Income support is an income-related means-tested benefit in the United Kingdom for people who are on a low income. Claimants of Income Support may be entitled to certain other benefits, for example, Housing Benefit, Council Tax Benefit and help with health costs. A person with savings over £16,000 cannot get Income Support, and savings over £6,000 affect how much Income Support can be received. Claimants must be between 16 and state pension age, work fewer than 16 hours a week, and have a reason why they are not actively seeking work (on grounds of illness, disability, caring for children, or someone who is ill).
Claimants can receive income support if they are a lone parent and responsible for a child under five who is a member of their household. A claimant is considered responsible for a child in any week if receiving child benefit for the child. However, if a claimant arranges for their child benefit to be paid to someone else, for example, an ex-partner, the claimant will still be treated as receiving the child benefit.
If the claimant is at school or in higher education, the claimant may be able to get Income Support if they are:
- Looking after the claimant's own child
- An orphan and nobody is looking after the claimant
- Unlikely to be able to get a job because of a severe disability.
- Not living with the claimant's parents or being supported by them
- Not in touch with the claimant's parents
- Separated from the claimant's parents for reasons that cannot be avoided and nobody is looking after the claimant.
If the claimant is aged 18 to 24 and is attending an unwaged Work Based Learning Programme (England) or Skillseekers (Scotland) course, the claimant may be able to get Income Support.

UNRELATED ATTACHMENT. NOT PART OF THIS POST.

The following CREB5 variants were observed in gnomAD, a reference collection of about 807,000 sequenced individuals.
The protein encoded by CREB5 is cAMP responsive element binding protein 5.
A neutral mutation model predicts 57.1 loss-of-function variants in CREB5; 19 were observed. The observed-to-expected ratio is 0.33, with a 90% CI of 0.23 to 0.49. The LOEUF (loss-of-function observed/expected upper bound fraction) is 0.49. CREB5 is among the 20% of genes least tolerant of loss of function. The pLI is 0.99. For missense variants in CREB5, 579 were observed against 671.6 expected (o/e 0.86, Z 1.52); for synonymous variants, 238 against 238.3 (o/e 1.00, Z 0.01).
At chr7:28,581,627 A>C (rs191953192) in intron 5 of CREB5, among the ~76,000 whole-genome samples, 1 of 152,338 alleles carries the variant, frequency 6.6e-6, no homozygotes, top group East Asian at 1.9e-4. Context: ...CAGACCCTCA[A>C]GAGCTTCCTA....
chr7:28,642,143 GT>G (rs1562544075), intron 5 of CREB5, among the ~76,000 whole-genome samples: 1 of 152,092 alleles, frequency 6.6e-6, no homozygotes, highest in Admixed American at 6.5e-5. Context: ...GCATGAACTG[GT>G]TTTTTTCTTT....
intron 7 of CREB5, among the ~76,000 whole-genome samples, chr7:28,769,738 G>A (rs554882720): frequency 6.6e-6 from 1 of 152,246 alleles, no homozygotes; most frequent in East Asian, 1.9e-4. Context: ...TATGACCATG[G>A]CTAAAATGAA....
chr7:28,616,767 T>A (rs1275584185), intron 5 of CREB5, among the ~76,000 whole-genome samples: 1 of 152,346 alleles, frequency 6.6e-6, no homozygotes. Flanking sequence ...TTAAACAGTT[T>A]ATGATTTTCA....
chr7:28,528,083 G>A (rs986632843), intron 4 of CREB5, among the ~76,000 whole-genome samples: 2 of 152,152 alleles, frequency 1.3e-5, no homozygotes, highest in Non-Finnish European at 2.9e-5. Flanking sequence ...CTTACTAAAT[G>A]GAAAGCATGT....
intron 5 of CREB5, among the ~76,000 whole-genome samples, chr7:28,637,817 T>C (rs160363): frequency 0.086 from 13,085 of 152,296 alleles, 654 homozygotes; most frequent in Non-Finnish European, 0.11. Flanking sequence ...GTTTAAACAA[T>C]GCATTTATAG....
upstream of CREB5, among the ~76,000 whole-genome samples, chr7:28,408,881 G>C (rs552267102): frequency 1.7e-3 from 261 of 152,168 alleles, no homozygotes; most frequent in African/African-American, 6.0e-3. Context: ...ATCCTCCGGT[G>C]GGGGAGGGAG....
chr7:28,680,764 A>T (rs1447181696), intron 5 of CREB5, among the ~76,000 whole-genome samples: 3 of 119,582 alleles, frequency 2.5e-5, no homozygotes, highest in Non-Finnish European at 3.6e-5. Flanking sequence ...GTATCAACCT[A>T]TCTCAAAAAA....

If the claimant is aged 16 or 17, the claimant may get Income Support only if in one of the categories of persons who can get Income Support whilst studying.
On 27 October 2008, the Employment and Support Allowance replaced Income Support claimed on grounds of sickness or disability. Claims for Income Support made before that date will not be affected. New claims for Income Support will be transferred to ESA.
Prior to this, claimants could be entitled to Income Support if they were unable to work due to sickness and had no or reduced entitlement to Incapacity Benefit. Normally, a claim for both benefits was made and the amount of Incapacity Benefit due was calculated according to the claimant's past National Insurance contributions. If too few contributions had been made for the full rate of Incapacity Benefit to be paid, Income Support may have been paid to top up the amount the claimant received to Income Support rates.
The weekly personal allowances for single people for 2012/13 are shown in the table below. The rates for couples can be found on the GOV.UK web site.
|aged 25 or over||£71.00|
For home-owners with a mortgage, Income Support may, depending on various qualifying conditions, help pay towards mortgage interest costs. There can be a waiting period of thirteen to thirty-nine weeks.
Claimants reaching the retirement age of women, or with an older partner who is that age, may apply for Pension Credit to replace their Income Support payments. They should contact The Pension Service four months before that time.
A refusal to grant Income Support may be appealed to the Social Security Appeal Tribunal.
- Social Fund (UK)
- Supplemental Security Income, a similar programme offered by the United States Social Security Administration
- Welfare state